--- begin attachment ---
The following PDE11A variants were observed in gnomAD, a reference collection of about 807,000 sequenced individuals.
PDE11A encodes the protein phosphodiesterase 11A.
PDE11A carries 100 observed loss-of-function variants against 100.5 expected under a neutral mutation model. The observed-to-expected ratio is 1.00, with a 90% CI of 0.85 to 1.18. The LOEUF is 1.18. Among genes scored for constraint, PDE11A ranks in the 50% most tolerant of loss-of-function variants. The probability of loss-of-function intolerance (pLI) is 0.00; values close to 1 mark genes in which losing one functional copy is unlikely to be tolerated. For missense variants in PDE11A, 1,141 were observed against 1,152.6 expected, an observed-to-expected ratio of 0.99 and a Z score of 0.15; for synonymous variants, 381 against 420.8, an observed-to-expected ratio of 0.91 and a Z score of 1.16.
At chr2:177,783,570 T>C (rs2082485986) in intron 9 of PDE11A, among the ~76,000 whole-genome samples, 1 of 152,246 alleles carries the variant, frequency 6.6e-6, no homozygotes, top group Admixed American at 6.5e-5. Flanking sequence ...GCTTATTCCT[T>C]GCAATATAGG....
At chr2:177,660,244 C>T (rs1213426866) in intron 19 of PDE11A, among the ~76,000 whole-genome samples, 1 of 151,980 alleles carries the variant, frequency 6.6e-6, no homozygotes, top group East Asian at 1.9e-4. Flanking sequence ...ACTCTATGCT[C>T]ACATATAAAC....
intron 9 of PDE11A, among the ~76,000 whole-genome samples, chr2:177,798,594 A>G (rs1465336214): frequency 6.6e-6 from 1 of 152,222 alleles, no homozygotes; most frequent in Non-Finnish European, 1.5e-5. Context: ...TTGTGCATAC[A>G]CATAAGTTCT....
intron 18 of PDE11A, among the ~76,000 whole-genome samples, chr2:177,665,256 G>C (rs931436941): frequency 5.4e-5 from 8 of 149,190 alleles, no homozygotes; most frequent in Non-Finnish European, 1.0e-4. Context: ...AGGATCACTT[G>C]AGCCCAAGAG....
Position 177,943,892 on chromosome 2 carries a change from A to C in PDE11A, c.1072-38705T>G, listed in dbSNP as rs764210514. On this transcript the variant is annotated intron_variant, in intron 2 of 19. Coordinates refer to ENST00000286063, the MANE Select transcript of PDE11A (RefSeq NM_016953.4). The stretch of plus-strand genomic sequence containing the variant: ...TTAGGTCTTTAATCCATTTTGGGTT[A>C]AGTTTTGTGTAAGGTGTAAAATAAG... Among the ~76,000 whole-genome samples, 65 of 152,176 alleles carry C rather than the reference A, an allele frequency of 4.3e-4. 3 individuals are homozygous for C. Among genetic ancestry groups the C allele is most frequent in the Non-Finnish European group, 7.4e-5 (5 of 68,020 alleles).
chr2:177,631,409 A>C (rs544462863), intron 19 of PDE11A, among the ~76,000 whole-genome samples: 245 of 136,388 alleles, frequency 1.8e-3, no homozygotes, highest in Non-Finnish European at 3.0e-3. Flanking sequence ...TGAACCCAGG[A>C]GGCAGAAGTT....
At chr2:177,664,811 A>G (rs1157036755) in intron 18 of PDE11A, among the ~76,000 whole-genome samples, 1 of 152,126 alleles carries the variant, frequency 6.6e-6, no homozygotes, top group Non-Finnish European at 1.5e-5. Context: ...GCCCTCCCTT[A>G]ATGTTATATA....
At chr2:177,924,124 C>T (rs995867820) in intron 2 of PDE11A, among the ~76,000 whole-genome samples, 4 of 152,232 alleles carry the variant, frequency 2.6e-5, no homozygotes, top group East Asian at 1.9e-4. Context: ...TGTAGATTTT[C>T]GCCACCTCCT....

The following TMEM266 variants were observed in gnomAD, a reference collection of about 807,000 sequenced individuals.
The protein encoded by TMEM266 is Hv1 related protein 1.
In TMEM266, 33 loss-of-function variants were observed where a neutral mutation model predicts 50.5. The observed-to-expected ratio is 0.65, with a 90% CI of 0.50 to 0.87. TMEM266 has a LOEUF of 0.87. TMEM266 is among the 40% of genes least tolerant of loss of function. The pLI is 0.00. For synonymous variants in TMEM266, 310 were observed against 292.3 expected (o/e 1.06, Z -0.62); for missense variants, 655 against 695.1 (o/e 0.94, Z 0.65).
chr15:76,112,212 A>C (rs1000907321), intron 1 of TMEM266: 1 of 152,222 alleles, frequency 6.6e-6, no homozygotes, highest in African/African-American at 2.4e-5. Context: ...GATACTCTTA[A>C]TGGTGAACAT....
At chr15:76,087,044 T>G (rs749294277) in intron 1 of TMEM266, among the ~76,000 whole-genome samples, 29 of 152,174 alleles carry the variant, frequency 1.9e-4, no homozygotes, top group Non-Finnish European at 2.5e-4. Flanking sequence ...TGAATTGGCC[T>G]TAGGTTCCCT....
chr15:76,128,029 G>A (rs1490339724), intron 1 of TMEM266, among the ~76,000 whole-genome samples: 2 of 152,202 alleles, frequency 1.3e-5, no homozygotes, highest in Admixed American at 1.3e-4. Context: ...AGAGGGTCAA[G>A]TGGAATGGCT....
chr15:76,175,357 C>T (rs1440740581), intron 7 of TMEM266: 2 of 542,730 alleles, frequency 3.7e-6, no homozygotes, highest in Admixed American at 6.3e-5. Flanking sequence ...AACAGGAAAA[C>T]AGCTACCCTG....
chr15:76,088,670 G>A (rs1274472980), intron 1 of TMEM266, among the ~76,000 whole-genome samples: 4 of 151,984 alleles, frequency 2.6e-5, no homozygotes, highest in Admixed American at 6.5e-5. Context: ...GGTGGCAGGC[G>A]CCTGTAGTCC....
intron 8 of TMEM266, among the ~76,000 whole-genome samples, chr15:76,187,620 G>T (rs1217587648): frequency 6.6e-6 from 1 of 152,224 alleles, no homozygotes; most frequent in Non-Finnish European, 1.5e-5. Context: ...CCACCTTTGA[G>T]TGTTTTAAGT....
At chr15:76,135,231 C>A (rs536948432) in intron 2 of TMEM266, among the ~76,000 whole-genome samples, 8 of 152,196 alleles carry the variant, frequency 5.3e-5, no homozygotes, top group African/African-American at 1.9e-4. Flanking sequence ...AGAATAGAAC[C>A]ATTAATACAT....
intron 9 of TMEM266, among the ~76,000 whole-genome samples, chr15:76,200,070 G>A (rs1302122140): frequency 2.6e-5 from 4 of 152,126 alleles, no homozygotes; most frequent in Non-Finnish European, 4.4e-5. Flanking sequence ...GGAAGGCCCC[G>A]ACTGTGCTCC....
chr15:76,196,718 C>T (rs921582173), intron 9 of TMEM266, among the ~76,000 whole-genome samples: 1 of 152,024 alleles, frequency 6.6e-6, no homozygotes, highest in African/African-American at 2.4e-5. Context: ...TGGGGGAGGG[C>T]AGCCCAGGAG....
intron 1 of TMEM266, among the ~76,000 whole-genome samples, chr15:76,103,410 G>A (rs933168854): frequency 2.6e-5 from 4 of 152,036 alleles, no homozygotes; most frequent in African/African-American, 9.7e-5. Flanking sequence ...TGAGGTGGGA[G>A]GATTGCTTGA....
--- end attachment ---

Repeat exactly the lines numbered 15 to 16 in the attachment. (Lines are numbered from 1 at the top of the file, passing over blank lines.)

chr15:76,112,212 A>C (rs1000907321), intron 1 of TMEM266: 1 of 152,222 alleles, frequency 6.6e-6, no homozygotes, highest in African/African-American at 2.4e-5. Context: ...GATACTCTTA[A>C]TGGTGAACAT....
At chr15:76,087,044 T>G (rs749294277) in intron 1 of TMEM266, among the ~76,000 whole-genome samples, 29 of 152,174 alleles carry the variant, frequency 1.9e-4, no homozygotes, top group Non-Finnish European at 2.5e-4. Flanking sequence ...TGAATTGGCC[T>G]TAGGTTCCCT....